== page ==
Mesa County after owner of Mount Garfield property

PHOTO BY CHRISTOPHER TOMLINSON—The owner of property at base of Mt Garfield is being summoned before the county Commission Dec. 1 for junk. He is not aware of that. He has been working with county for past year and had plan for full compliance by June 1. He still has numerous junk cars and stuff on the property.Art to go with LeRoy’s story.Sent as GARFIELD ZONING 11-12 1.

For the last quarter-century, Dale Holm has collected old cars.

A couple years back, he started gathering them at the base of Mount Garfield, having moved from his former address at 611 33 Road. His collection of more than 25 vehicles is shielded for the most part from public view.

Travelers on Interstate 70 might catch a glimpse of his parked iron if they look to the north at the right time. Hikers of Mount Garfield, on the other hand, get a full view of his collection simply by gazing down.

“I guess you can say I am kind of a junk collector,” Holm said.

Late last year, Mesa County Code Enforcement officials asked Holm to curb his habit. He agreed to a compliance plan in January, promising to rid his property of unlicensed vehicles and rubbish by June 1, said Donna Ross, director of Code Enforcement.

June has come and gone. The cars remain.

“I guess they show up, and you are supposed to dispose of 25 years of junk collecting in one year,” Holm said.

The Mesa County Commission is scheduled to hear Holm’s case at 9 a.m. Dec. 1 at the old Mesa County Courthouse.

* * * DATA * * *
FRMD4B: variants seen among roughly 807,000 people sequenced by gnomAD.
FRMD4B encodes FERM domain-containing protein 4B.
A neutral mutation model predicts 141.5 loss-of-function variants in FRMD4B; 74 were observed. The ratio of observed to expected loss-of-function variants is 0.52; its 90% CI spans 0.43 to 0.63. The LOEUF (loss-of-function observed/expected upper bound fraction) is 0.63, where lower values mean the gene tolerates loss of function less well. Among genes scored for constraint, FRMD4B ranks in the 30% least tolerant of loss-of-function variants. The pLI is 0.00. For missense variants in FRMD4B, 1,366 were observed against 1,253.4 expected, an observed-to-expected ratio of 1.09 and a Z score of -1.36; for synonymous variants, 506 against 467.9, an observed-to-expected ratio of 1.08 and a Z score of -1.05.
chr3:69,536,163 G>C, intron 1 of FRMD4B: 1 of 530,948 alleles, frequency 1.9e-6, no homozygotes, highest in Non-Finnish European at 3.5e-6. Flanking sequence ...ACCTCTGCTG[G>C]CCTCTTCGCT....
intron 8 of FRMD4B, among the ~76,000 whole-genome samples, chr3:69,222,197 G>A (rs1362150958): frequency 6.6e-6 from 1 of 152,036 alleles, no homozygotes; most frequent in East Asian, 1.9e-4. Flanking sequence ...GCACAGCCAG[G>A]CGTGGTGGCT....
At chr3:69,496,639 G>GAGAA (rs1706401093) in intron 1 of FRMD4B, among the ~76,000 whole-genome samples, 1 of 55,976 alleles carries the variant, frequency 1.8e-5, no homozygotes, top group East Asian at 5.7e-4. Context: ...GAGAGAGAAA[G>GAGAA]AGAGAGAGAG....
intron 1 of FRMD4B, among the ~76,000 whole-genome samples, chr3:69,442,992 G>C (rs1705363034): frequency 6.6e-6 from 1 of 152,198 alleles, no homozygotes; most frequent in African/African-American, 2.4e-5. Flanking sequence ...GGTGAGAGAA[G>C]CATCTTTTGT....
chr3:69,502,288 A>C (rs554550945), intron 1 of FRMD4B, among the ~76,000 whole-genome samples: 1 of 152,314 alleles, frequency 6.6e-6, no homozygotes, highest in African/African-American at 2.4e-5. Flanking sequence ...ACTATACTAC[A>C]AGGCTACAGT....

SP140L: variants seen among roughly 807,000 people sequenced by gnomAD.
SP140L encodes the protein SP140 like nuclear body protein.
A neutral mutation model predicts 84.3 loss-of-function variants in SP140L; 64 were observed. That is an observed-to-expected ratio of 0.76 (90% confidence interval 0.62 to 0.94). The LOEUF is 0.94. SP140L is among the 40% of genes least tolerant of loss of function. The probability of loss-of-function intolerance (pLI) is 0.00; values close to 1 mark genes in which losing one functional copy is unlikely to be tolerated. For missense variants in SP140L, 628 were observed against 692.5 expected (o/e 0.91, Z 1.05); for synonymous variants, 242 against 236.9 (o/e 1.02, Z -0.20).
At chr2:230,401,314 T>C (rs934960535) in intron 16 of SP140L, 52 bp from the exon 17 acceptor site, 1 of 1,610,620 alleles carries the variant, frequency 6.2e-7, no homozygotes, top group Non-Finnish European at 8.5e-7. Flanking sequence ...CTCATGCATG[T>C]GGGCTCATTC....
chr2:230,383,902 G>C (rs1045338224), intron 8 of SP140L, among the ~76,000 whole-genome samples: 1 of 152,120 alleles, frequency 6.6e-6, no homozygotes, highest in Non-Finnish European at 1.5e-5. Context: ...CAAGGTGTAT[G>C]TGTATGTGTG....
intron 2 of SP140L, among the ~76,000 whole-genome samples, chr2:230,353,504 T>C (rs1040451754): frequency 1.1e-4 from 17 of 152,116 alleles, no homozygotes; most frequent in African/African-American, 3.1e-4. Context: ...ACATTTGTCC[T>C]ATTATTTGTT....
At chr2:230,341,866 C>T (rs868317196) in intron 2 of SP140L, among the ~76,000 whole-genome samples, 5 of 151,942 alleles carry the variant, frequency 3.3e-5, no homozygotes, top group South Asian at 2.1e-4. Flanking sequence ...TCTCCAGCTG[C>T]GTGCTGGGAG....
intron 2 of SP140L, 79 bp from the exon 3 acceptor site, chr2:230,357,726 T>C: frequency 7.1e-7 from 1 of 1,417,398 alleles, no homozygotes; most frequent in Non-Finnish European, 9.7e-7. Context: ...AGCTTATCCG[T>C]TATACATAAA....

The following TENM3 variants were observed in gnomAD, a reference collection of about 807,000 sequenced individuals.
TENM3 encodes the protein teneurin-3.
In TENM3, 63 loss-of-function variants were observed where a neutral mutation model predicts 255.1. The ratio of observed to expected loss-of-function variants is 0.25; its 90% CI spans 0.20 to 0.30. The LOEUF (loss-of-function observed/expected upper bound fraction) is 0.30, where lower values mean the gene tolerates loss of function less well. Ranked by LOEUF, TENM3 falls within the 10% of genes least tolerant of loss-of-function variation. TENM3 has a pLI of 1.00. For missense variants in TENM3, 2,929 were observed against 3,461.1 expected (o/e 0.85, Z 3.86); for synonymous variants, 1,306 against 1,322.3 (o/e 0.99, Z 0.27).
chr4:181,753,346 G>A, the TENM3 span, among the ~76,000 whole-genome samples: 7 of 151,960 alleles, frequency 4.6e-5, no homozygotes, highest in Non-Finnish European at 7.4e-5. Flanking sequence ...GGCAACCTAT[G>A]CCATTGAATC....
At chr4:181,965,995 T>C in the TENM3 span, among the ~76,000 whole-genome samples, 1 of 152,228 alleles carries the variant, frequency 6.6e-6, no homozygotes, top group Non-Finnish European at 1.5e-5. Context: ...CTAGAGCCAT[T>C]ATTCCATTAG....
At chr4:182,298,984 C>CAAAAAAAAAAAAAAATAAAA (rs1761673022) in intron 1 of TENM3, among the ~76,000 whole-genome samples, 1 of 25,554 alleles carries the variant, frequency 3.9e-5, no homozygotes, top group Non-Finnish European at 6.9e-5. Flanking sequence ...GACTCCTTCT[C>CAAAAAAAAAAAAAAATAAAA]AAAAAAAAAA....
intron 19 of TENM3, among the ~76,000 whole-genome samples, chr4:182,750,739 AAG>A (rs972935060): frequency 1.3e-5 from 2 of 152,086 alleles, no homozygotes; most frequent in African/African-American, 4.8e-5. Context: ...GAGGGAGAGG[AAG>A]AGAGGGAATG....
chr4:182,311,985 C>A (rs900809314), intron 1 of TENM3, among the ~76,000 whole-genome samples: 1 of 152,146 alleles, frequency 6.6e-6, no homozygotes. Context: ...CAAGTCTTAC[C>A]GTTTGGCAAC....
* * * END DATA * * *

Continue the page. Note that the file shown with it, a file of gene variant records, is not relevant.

The commission could give Code Enforcement permission to file a civil case against Holm, drop the matter entirely or ask the two parties to work outside the courtroom to correct violations.

“There are cars and junk at the base of Mount Garfield most definitely,” Ross said.  But, she added, “We are real focused on working with people to correct their code violation.”

Holm said he has tried to live up to his end of the deal. He said he has hauled several loads of trash and at least 10 cars to the dump. Holm said that as an individual, as opposed to a person with a car dealer’s license, he can only sell six cars a year.

Ross said the county received a complaint from a resident about Holm’s property, and that started an investigation.

Holm contends he did a split of his property, and that drew Code Enforcement’s attention.

Regardless of why the county got involved with Holm’s property, it has been active in the past couple years in the area of Mount Garfield.

In late 2008, the county purchased 47 acres south of the Grand Junction landmark and north of Interstate 70.

In the same year, Code Enforcement cracked down on one of Holm’s neighbors, Martin Schwartz of 784 33 Road.

Schwartz had junk and old vehicles on his property, Ross said. The violations on Schwartz’s property have been corrected, she said.


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